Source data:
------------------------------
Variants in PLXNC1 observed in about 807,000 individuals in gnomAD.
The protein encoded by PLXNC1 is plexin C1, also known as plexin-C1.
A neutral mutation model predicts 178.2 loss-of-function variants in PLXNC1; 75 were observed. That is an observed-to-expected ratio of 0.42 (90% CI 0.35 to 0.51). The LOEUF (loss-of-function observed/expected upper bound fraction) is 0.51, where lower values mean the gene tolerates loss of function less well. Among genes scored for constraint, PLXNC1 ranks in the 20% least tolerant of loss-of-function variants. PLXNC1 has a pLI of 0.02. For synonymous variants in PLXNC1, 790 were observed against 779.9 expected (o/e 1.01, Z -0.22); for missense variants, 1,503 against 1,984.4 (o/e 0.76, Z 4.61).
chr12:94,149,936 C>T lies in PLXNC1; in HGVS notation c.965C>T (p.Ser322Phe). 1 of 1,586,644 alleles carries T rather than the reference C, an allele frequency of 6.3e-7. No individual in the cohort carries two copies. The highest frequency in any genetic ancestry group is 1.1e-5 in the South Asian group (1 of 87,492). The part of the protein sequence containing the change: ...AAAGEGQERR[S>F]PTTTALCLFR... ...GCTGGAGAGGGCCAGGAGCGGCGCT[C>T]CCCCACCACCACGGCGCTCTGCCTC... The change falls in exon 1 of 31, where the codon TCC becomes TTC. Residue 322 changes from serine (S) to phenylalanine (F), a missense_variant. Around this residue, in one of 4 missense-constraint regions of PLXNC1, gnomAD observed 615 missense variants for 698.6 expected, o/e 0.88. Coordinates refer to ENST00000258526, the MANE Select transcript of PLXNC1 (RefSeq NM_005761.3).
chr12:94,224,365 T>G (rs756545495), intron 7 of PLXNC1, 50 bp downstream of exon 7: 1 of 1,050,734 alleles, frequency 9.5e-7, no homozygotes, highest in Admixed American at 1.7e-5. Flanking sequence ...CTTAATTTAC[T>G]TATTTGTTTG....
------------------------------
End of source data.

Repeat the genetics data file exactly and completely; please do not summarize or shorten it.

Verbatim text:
Variants in PLXNC1 observed in about 807,000 individuals in gnomAD.
The protein encoded by PLXNC1 is plexin C1, also known as plexin-C1.
A neutral mutation model predicts 178.2 loss-of-function variants in PLXNC1; 75 were observed. That is an observed-to-expected ratio of 0.42 (90% CI 0.35 to 0.51). The LOEUF (loss-of-function observed/expected upper bound fraction) is 0.51, where lower values mean the gene tolerates loss of function less well. Among genes scored for constraint, PLXNC1 ranks in the 20% least tolerant of loss-of-function variants. PLXNC1 has a pLI of 0.02. For synonymous variants in PLXNC1, 790 were observed against 779.9 expected (o/e 1.01, Z -0.22); for missense variants, 1,503 against 1,984.4 (o/e 0.76, Z 4.61).
chr12:94,149,936 C>T lies in PLXNC1; in HGVS notation c.965C>T (p.Ser322Phe). 1 of 1,586,644 alleles carries T rather than the reference C, an allele frequency of 6.3e-7. No individual in the cohort carries two copies. The highest frequency in any genetic ancestry group is 1.1e-5 in the South Asian group (1 of 87,492). The part of the protein sequence containing the change: ...AAAGEGQERR[S>F]PTTTALCLFR... ...GCTGGAGAGGGCCAGGAGCGGCGCT[C>T]CCCCACCACCACGGCGCTCTGCCTC... The change falls in exon 1 of 31, where the codon TCC becomes TTC. Residue 322 changes from serine (S) to phenylalanine (F), a missense_variant. Around this residue, in one of 4 missense-constraint regions of PLXNC1, gnomAD observed 615 missense variants for 698.6 expected, o/e 0.88. Coordinates refer to ENST00000258526, the MANE Select transcript of PLXNC1 (RefSeq NM_005761.3).
chr12:94,224,365 T>G (rs756545495), intron 7 of PLXNC1, 50 bp downstream of exon 7: 1 of 1,050,734 alleles, frequency 9.5e-7, no homozygotes, highest in Admixed American at 1.7e-5. Flanking sequence ...CTTAATTTAC[T>G]TATTTGTTTG....